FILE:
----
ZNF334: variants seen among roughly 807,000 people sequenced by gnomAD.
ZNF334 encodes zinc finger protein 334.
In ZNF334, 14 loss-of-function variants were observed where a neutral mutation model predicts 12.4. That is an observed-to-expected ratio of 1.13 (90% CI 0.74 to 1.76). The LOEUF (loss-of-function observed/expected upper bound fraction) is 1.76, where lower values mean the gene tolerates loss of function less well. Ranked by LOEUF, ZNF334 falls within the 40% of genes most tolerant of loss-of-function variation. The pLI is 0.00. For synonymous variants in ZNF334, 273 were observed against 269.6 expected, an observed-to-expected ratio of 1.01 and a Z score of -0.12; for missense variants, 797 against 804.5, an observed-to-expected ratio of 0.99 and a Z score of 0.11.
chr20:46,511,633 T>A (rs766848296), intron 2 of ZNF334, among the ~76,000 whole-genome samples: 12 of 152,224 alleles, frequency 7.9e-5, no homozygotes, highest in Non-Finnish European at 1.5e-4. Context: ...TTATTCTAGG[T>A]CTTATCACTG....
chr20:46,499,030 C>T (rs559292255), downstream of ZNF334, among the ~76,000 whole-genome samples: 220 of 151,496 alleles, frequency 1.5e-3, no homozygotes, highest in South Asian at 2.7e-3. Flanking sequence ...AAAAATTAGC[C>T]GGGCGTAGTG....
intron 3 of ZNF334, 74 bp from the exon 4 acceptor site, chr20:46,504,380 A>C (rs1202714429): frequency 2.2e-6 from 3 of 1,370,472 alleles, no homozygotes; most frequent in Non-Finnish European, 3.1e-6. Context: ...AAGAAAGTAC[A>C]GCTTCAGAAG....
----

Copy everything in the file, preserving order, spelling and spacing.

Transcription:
ZNF334: variants seen among roughly 807,000 people sequenced by gnomAD.
ZNF334 encodes zinc finger protein 334.
In ZNF334, 14 loss-of-function variants were observed where a neutral mutation model predicts 12.4. That is an observed-to-expected ratio of 1.13 (90% CI 0.74 to 1.76). The LOEUF (loss-of-function observed/expected upper bound fraction) is 1.76, where lower values mean the gene tolerates loss of function less well. Ranked by LOEUF, ZNF334 falls within the 40% of genes most tolerant of loss-of-function variation. The pLI is 0.00. For synonymous variants in ZNF334, 273 were observed against 269.6 expected, an observed-to-expected ratio of 1.01 and a Z score of -0.12; for missense variants, 797 against 804.5, an observed-to-expected ratio of 0.99 and a Z score of 0.11.
chr20:46,511,633 T>A (rs766848296), intron 2 of ZNF334, among the ~76,000 whole-genome samples: 12 of 152,224 alleles, frequency 7.9e-5, no homozygotes, highest in Non-Finnish European at 1.5e-4. Context: ...TTATTCTAGG[T>A]CTTATCACTG....
chr20:46,499,030 C>T (rs559292255), downstream of ZNF334, among the ~76,000 whole-genome samples: 220 of 151,496 alleles, frequency 1.5e-3, no homozygotes, highest in South Asian at 2.7e-3. Flanking sequence ...AAAAATTAGC[C>T]GGGCGTAGTG....
intron 3 of ZNF334, 74 bp from the exon 4 acceptor site, chr20:46,504,380 A>C (rs1202714429): frequency 2.2e-6 from 3 of 1,370,472 alleles, no homozygotes; most frequent in Non-Finnish European, 3.1e-6. Context: ...AAGAAAGTAC[A>C]GCTTCAGAAG....